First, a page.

Last month, the University of Maryland and Fifth Quarter Fresh – a Maryland company that’s marketing a chocolate milk drink as a beverage for athletes recovering from workouts – announced that early research results suggested the drink helped improve cognitive and motor function in high-school athletes, even those who suffered from concussions.
But this announcement – which The Daily Record blogged about, noting that the research was preliminary and shouldn’t be considered conclusive – didn’t sit well with those who keep a close eye on health news.
HealthNewsReview.org, a watchdog site, criticized the university for not including enough facts about the study, its methods and its results – or for including the study itself, which hasn’t been peer-reviewed.
Andrew Holtz, a journalist and former CNN medical correspondent who writes for the site, tried to obtain a copy, but came up empty-handed when he contacted the university.
“What I heard astounded me,” Holtz wrote. “I couldn’t find any journal article because there wasn’t one. Not only wasn’t this study published, it might never be submitted for publication.”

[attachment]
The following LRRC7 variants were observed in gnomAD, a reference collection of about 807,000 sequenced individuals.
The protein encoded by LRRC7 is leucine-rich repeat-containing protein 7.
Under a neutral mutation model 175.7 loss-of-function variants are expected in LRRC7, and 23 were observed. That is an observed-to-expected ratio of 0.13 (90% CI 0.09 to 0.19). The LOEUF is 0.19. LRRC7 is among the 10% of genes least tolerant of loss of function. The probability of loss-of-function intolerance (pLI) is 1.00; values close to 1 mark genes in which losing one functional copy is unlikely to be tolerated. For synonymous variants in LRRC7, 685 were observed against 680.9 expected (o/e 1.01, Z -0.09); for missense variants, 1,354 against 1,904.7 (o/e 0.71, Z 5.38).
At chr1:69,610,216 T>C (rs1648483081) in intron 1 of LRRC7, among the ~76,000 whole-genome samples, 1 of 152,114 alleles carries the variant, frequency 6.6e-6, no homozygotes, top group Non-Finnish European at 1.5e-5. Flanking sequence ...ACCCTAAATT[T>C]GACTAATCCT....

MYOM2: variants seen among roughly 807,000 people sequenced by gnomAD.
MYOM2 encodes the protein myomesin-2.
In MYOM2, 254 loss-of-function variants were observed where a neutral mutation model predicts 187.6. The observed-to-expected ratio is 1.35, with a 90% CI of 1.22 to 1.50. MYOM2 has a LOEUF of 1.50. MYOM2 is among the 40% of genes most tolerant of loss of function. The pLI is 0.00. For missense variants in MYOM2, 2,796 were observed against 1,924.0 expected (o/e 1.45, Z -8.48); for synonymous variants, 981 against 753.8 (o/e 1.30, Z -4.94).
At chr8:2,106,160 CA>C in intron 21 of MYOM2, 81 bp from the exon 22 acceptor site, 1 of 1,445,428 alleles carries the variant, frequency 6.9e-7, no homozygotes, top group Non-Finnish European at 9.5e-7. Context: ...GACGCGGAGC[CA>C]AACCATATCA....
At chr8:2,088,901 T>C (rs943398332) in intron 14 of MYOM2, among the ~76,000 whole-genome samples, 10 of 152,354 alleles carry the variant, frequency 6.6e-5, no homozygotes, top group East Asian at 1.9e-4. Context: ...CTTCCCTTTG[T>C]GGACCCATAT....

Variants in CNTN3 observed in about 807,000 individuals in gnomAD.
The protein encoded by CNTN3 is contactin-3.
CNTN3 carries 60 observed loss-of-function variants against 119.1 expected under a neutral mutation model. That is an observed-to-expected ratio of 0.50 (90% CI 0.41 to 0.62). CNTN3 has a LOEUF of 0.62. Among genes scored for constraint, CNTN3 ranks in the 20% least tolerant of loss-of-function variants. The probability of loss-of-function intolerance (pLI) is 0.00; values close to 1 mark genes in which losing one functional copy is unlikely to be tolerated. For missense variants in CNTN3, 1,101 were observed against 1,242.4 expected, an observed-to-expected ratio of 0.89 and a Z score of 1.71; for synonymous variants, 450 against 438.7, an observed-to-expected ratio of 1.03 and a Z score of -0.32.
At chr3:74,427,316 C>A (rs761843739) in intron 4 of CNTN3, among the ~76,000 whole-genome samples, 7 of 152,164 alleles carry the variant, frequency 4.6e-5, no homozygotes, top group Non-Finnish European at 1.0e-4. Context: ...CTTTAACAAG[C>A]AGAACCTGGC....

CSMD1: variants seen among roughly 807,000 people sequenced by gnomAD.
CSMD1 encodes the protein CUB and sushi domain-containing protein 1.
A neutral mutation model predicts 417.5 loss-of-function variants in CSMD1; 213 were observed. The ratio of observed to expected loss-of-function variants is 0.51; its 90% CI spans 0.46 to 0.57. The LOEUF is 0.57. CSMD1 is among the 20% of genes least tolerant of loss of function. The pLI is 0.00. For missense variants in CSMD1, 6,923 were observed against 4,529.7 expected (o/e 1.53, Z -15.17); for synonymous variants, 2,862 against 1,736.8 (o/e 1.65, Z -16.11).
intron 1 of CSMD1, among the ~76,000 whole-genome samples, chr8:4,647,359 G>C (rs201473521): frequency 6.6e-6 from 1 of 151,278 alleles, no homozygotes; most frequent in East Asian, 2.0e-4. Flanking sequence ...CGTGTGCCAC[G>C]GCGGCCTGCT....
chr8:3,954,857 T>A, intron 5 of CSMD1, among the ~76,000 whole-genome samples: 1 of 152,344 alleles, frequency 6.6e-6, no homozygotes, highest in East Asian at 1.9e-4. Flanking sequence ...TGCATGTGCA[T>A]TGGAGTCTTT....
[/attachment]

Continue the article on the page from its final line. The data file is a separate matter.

Holtz was also alarmed that the superintendent of Washington County Public Schools was quoted in the release saying that based on the results of the study he would make the drink available to all his athletes.
“But how can this study be convincing enough to act on, if it is too preliminary to talk about?” Holtz wrote.
More experts expressed concerns about the Fifth Quarter Fresh announcement to the Baltimore Business Journal, which reported this week that the university had launched a review of the unpublished study.
The research was funded through the Maryland Industrial Partnerships program, which pairs local companies with researchers from the state’s public universities for joint projects to help grow their business.
On Thursday, UMD distanced itself from the study. Pat O’Shea, the university’s vice president of research, told The Associated Press that people shouldn’t rely on what’s conveyed in the release since the results hadn’t had a full, scientific review.
“We value our reputation and we value the advice we give to the public, and I believe this is not characteristic of what a leading, respected university should do,” O’Shea said.